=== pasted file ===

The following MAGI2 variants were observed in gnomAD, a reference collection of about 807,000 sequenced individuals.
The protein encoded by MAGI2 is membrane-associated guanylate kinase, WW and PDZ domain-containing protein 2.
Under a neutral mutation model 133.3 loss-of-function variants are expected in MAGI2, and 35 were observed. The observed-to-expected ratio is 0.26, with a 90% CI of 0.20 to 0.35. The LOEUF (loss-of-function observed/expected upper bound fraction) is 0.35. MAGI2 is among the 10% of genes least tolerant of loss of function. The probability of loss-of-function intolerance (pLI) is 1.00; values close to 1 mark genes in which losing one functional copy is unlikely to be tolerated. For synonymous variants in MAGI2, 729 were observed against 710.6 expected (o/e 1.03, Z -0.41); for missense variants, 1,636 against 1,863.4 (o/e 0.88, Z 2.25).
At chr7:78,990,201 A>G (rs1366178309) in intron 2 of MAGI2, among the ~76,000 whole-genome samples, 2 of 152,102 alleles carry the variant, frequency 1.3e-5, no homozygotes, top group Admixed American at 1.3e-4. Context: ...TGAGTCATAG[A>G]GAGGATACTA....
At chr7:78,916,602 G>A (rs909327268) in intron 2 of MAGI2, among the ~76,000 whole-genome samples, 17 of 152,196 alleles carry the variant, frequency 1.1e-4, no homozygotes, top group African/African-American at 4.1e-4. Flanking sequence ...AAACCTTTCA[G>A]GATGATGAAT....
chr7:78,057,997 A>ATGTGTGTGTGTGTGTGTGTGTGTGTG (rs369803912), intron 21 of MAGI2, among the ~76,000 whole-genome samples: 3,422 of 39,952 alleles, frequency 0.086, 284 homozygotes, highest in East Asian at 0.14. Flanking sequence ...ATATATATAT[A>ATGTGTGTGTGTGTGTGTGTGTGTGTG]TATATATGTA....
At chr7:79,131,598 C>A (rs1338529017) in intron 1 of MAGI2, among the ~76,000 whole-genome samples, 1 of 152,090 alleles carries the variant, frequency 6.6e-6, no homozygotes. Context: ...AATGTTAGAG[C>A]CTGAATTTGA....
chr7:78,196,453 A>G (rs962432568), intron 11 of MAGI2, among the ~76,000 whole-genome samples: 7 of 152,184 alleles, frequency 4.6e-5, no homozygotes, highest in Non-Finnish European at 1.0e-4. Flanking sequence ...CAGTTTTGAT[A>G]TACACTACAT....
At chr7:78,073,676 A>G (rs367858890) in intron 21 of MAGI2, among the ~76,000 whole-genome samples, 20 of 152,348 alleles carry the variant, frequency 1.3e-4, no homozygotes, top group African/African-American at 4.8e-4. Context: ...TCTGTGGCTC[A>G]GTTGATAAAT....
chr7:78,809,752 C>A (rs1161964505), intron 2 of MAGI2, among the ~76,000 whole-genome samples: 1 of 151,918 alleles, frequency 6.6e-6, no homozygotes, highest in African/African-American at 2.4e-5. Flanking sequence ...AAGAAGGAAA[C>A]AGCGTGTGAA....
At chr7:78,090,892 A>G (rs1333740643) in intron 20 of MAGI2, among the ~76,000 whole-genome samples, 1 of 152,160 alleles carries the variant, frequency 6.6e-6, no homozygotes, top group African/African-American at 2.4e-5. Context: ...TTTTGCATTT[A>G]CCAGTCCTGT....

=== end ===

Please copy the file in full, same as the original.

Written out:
The following MAGI2 variants were observed in gnomAD, a reference collection of about 807,000 sequenced individuals.
The protein encoded by MAGI2 is membrane-associated guanylate kinase, WW and PDZ domain-containing protein 2.
Under a neutral mutation model 133.3 loss-of-function variants are expected in MAGI2, and 35 were observed. The observed-to-expected ratio is 0.26, with a 90% CI of 0.20 to 0.35. The LOEUF (loss-of-function observed/expected upper bound fraction) is 0.35. MAGI2 is among the 10% of genes least tolerant of loss of function. The probability of loss-of-function intolerance (pLI) is 1.00; values close to 1 mark genes in which losing one functional copy is unlikely to be tolerated. For synonymous variants in MAGI2, 729 were observed against 710.6 expected (o/e 1.03, Z -0.41); for missense variants, 1,636 against 1,863.4 (o/e 0.88, Z 2.25).
At chr7:78,990,201 A>G (rs1366178309) in intron 2 of MAGI2, among the ~76,000 whole-genome samples, 2 of 152,102 alleles carry the variant, frequency 1.3e-5, no homozygotes, top group Admixed American at 1.3e-4. Context: ...TGAGTCATAG[A>G]GAGGATACTA....
At chr7:78,916,602 G>A (rs909327268) in intron 2 of MAGI2, among the ~76,000 whole-genome samples, 17 of 152,196 alleles carry the variant, frequency 1.1e-4, no homozygotes, top group African/African-American at 4.1e-4. Flanking sequence ...AAACCTTTCA[G>A]GATGATGAAT....
chr7:78,057,997 A>ATGTGTGTGTGTGTGTGTGTGTGTGTG (rs369803912), intron 21 of MAGI2, among the ~76,000 whole-genome samples: 3,422 of 39,952 alleles, frequency 0.086, 284 homozygotes, highest in East Asian at 0.14. Flanking sequence ...ATATATATAT[A>ATGTGTGTGTGTGTGTGTGTGTGTGTG]TATATATGTA....
At chr7:79,131,598 C>A (rs1338529017) in intron 1 of MAGI2, among the ~76,000 whole-genome samples, 1 of 152,090 alleles carries the variant, frequency 6.6e-6, no homozygotes. Context: ...AATGTTAGAG[C>A]CTGAATTTGA....
chr7:78,196,453 A>G (rs962432568), intron 11 of MAGI2, among the ~76,000 whole-genome samples: 7 of 152,184 alleles, frequency 4.6e-5, no homozygotes, highest in Non-Finnish European at 1.0e-4. Flanking sequence ...CAGTTTTGAT[A>G]TACACTACAT....
At chr7:78,073,676 A>G (rs367858890) in intron 21 of MAGI2, among the ~76,000 whole-genome samples, 20 of 152,348 alleles carry the variant, frequency 1.3e-4, no homozygotes, top group African/African-American at 4.8e-4. Context: ...TCTGTGGCTC[A>G]GTTGATAAAT....
chr7:78,809,752 C>A (rs1161964505), intron 2 of MAGI2, among the ~76,000 whole-genome samples: 1 of 151,918 alleles, frequency 6.6e-6, no homozygotes, highest in African/African-American at 2.4e-5. Flanking sequence ...AAGAAGGAAA[C>A]AGCGTGTGAA....
At chr7:78,090,892 A>G (rs1333740643) in intron 20 of MAGI2, among the ~76,000 whole-genome samples, 1 of 152,160 alleles carries the variant, frequency 6.6e-6, no homozygotes, top group African/African-American at 2.4e-5. Context: ...TTTTGCATTT[A>G]CCAGTCCTGT....